In the first case, where passages are fully submerged and water movement is slow, the limestone that is dissolved from the passage walls quickly saturates the water. The dissolution process cannot continue until fresh, unsaturated water flows into the system. Passages formed under these conditions tend to have very rounded cross sections. in vadose passages water moves quickly and so, as soon as the limestone is dissolved, the water is replaced by unsaturated water. This kind of flow creates canyon-like passages that are narrow and deep.
Cave passage formation often involves a combination of the phreatic and vadose processes. A typical case occurs when a phreatic passage originally forms below the surface of the water table: it will have a typically rounded cross section. As the water table drops, groundwater flow through the cave system speeds up and changes to a vadose-type of development, which results in keyhole-shaped passages. In caves where the groundwater table has dropped so low that no water is present at all, you may find what is sometimes labelled fossil passages, i.e. dry passages. This term indicates that no further enlargement is evident or in progress.
Although only subterranean processes have been described here, very similar forces are at work shaping the landscape on the surface. In early geological times, fissures exposed by tectonic action on the surface were widened and the resulting network of cracks that led to the maze of passages below ground formed a landscape characteristic of limestone regions. Known as karst, it is named after the limestone Karst plateau near Trieste.
Both solution and erosion caves are formed when the original bedrock is removed, leaving cavities. The difference between the two types of cave formation is how it is removed. In a solution cave chemical reaction dissolves the rock; in an erosion cave the cause is a mechanical process. The main prerequisites for the formation of an erosion cave are a pre-existing cavity in the rock, a fluid of some kind (usually water) which transports a scourer, and a scouring agent that whittles the rock away.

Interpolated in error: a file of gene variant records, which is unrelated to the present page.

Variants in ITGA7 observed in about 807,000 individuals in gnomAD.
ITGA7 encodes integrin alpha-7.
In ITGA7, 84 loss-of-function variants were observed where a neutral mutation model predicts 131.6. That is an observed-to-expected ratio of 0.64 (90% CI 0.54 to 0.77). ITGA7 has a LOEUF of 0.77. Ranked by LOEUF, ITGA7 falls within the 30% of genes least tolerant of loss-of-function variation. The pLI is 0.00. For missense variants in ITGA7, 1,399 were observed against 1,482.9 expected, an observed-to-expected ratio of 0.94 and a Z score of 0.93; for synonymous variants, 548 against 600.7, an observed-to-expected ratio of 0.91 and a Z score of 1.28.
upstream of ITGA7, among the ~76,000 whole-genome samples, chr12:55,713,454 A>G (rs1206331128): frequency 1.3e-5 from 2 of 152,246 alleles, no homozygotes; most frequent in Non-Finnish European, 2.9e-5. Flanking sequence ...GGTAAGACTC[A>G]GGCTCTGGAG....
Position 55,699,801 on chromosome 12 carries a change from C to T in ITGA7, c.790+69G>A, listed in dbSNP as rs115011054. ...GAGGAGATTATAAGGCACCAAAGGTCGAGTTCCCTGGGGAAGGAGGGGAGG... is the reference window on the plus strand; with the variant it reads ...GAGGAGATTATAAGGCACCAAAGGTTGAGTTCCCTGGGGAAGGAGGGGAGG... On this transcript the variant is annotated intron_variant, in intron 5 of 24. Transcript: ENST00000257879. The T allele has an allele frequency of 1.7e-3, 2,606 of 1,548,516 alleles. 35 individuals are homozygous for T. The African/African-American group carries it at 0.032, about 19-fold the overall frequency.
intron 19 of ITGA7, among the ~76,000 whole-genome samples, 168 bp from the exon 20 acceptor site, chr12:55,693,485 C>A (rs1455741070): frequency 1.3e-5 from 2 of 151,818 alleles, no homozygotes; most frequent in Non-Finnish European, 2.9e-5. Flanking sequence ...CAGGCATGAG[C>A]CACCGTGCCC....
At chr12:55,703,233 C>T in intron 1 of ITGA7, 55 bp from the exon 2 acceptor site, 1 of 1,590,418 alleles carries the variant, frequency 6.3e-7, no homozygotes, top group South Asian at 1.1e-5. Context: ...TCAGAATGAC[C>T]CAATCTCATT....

The process is very simple. Water carrying abrasive particles in suspension flows through the cavity. As it does so, the particles begin to wear away the walls and enlarge the cavity. Particles do not have to be small. Large boulders can also be agents of erosion. An example of this is a rock made of a hard material that becomes trapped in a depression in a stream bed made of a softer material. If the stream is powerful enough it will move the rock around within this depression, creating a grinding action. Any trapped sand particles act as ‘grinding paste’ and together the two will wear away the softer stream bed to create a pothole. Erosion is usually a secondary cave-forming process a cavity or depression already has to exist. This means that erosion frequently occurs in caves that were initially formed by solution, but it is not always the case. As the earth’s crust moves, new cracks and faults are created continually in all types of rock. When a strong stream finds such a newly formed entrance in any kind of rock, and if the crack is large enough, the erosion process can begin. The resulting passages are usually a combination of deep cylindrical potholes and canyon-like passages.